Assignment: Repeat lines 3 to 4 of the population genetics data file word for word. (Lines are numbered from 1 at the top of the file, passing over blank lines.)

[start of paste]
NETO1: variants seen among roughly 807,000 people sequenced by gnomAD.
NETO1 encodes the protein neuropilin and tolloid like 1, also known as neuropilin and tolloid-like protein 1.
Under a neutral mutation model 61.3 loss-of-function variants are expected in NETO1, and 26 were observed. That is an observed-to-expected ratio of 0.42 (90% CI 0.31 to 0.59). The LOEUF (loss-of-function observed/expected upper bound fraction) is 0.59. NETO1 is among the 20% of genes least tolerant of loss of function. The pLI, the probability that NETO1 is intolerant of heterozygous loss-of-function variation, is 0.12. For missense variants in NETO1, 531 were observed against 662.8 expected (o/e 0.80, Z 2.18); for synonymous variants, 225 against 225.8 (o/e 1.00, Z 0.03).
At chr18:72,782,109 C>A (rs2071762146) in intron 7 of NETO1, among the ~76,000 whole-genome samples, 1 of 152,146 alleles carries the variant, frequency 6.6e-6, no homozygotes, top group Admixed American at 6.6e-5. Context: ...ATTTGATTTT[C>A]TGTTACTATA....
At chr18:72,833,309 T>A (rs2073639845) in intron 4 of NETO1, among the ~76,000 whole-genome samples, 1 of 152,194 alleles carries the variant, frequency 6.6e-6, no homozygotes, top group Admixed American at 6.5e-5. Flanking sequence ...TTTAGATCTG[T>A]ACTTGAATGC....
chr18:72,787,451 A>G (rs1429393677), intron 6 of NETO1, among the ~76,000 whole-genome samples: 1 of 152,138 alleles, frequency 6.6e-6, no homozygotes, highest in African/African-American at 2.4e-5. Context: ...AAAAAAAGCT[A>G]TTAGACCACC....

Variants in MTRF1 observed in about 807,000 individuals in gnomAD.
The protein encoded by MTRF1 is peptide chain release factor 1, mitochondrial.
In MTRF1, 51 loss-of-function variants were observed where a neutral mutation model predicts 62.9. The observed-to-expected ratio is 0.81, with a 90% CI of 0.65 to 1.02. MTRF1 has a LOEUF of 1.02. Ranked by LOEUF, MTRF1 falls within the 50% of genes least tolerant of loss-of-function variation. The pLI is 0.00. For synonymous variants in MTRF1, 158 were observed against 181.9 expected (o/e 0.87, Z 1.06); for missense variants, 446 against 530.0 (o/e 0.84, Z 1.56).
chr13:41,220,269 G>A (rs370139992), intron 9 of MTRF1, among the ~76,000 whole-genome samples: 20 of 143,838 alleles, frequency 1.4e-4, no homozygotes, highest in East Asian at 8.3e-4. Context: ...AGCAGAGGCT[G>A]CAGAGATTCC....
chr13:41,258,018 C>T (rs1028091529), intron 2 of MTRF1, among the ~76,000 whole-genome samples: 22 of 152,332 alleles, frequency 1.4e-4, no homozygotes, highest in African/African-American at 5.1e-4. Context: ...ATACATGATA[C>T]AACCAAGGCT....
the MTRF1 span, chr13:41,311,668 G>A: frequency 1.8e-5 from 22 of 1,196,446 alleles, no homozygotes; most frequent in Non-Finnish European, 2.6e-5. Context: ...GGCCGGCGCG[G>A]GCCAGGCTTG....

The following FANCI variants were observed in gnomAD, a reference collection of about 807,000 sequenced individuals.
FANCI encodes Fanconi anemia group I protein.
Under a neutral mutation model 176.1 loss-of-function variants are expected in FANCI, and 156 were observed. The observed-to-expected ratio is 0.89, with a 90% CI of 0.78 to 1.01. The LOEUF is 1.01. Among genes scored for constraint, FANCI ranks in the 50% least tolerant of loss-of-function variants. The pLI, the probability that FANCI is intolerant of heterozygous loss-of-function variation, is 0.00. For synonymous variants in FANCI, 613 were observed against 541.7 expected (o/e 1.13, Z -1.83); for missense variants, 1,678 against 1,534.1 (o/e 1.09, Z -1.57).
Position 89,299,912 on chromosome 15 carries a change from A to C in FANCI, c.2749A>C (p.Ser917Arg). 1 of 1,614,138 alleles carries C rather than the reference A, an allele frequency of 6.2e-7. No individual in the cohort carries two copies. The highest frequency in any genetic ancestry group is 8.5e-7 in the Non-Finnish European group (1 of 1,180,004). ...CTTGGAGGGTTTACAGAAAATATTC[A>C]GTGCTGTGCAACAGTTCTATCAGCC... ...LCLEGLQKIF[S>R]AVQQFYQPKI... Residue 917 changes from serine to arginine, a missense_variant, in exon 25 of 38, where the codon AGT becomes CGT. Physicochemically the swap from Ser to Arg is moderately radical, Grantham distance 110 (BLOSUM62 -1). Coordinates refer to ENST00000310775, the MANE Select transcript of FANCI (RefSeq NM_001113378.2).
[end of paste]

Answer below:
Under a neutral mutation model 61.3 loss-of-function variants are expected in NETO1, and 26 were observed. That is an observed-to-expected ratio of 0.42 (90% CI 0.31 to 0.59). The LOEUF (loss-of-function observed/expected upper bound fraction) is 0.59. NETO1 is among the 20% of genes least tolerant of loss of function. The pLI, the probability that NETO1 is intolerant of heterozygous loss-of-function variation, is 0.12. For missense variants in NETO1, 531 were observed against 662.8 expected (o/e 0.80, Z 2.18); for synonymous variants, 225 against 225.8 (o/e 1.00, Z 0.03).
At chr18:72,782,109 C>A (rs2071762146) in intron 7 of NETO1, among the ~76,000 whole-genome samples, 1 of 152,146 alleles carries the variant, frequency 6.6e-6, no homozygotes, top group Admixed American at 6.6e-5. Context: ...ATTTGATTTT[C>A]TGTTACTATA....